Tom Cruise and Jack Nicholson, pro-
vided Moore with a prime role that
allowed her to battle both Marines
and sexual tension with Cruise. Her
role in the 1992 film was by far the
best performance of Moore's career.
As one of the only women in the film
(she played a military lawyer), Moore
exuded confidence; even so, her per-
formance was overlooked in favor of

Nicholson's and Cruise's. Still, for
Moore, the film was a good one.
The following two years ce-
mented her status as one of
Hollywood's leading actresses.
First as the object of Robert
Redford's desire in "Indecent Pro-
posal" and then making Michael
Douglas the object of her wrath in
"Disclosure," Moore proved her
screen stamina. These two films
have become beloved by those mov-
iegoers who enjoy inane morality
Last year also provided the public
with proof that Demi is here to stay.
Through the morally adulterous ad-
aptation of "The Scarlet Letter" (co-
starring Gary Oldman) and the faded
memory ofa movie, "Now and Then,"
she still managed to garner an un-
precedented salary for an actress:
$12.5 million for this May's "Strip-
Our trip concludes with Moore's
damsel in distress act in the new so-
called courtroom thriller "The Juror."
The film is a delightfully cheesy mess
that ranks with "Showgirls" as the
most unintentionally amusing film in
recent memory.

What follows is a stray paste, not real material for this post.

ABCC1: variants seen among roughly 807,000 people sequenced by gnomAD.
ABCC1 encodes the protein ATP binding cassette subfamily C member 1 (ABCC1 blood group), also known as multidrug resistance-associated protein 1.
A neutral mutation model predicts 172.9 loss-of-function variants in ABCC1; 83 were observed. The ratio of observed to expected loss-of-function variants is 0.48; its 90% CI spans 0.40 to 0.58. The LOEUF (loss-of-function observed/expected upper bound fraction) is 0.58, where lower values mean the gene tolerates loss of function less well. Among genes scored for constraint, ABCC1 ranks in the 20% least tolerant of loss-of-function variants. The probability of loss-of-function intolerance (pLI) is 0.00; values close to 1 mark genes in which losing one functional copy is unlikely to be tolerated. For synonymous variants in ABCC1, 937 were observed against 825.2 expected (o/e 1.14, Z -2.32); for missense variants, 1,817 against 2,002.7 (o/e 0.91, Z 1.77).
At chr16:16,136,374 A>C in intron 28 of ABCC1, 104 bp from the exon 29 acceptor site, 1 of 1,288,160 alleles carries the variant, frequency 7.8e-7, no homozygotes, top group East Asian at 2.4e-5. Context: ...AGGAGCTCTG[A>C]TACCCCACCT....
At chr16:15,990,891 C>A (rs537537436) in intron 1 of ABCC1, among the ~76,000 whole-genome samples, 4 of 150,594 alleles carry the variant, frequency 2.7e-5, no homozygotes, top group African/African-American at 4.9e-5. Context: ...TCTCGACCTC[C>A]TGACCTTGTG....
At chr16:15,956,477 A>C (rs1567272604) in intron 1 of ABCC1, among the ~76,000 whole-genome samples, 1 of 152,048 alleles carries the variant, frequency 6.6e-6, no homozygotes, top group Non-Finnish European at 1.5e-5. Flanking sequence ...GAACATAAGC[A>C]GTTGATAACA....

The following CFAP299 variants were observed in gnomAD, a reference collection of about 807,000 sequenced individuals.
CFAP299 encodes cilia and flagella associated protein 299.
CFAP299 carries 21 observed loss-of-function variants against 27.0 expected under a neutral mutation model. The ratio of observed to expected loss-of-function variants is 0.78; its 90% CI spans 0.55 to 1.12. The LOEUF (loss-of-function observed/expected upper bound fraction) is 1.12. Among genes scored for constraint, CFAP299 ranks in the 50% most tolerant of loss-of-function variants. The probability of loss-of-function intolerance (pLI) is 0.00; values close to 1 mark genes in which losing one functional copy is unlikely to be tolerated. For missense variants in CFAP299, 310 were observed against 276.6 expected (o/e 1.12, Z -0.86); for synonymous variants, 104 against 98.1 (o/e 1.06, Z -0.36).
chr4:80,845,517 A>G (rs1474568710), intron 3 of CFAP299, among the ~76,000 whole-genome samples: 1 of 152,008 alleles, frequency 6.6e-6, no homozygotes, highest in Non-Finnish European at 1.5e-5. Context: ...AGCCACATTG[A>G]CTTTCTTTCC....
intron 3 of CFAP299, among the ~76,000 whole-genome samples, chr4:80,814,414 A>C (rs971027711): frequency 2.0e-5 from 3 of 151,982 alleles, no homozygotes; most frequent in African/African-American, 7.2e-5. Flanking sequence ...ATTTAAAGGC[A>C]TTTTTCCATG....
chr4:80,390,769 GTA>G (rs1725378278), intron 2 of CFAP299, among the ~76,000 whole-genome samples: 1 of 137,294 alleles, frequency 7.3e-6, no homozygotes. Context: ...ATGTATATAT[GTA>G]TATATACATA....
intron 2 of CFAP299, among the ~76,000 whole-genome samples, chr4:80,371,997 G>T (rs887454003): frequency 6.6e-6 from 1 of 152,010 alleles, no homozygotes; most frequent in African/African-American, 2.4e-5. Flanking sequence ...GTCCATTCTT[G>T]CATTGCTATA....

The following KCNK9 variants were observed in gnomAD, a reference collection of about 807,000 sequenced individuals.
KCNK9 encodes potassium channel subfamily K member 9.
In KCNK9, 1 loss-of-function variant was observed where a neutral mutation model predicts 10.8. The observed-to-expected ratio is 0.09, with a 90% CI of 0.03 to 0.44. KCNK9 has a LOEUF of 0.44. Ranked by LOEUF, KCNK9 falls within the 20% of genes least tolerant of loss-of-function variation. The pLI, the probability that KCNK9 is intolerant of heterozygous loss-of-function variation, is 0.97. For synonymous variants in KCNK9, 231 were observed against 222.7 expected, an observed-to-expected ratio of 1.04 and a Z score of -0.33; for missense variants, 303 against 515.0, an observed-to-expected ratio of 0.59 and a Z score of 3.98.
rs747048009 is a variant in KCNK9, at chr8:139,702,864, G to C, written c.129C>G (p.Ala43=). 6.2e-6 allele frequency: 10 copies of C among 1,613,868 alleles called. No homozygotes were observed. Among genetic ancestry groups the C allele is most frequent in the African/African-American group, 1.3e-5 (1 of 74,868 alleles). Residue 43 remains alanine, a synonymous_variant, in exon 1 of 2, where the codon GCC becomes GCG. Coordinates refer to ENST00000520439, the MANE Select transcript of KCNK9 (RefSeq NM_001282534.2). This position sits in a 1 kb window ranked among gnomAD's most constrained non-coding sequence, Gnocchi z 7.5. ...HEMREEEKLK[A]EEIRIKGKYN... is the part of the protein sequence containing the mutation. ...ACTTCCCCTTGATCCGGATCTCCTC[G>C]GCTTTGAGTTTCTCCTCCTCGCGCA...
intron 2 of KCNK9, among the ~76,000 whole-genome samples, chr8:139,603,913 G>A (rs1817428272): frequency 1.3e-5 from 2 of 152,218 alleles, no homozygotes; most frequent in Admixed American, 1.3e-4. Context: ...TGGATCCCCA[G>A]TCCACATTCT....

In retrospect, there is no disputing
Demi Moore's status as a major star.
She can be seen on almost a daily
basis on "Entertainment Tonight,"
shooting a magazine spread, attend-
ing the latest movie premiere or hold-
ing her children (with husband Bruce
However, Moore's Hollywood high
life is not in question; the cause of her
placement on the Walk of Fame is the
mystery at hand (then again, they
hand out those stars like water at a
marathon - even David Hasselhoff
has one).
What exactly enables Demi Moore
to enjoy the Hollywood lifestyle she
currently relishes? Even after look-
ing back at her career, now spanning
more than a decade, it's mystifying
as to exactly why she has become a
real star.
Perhaps it is that inexplicable qual-
ity that has made stars out of people
like Danny DeVito. It seems as though
this is yet another case for Robert
Stack: Demi Moore's unfathomable
fame, on the next "Unsolved Myster-

Uam Neeson converses with Nazi officer Ralph Fennes In "Schindler's List".
Long films try fans' patience,
movie studios bank accounts

By Kristin Long
Daily Arts Writer
Does this scenario sound familiar?
We go to catch a flick at the local
cinema, make a nice evening or after-
noon out of the excursion, but the little
trip turns out to last forever. Whatever
happened to "short and sweet?"
Perhaps filmmakers are thinking
that we can't get enough of a good
thing. Well, the fact of life is that all
good things must come to an end,
even the best of movies.
A recent trend in Hollywood pro-
ductions is to make films that are long
and exhaustive. Now, granted, some
flicks are just the right length. Take
"Mr. Holland's Opus," for example.
It lasted for nearly three hours, but the
plot did capture my attention; as a
bonus, the pain in the posterior part of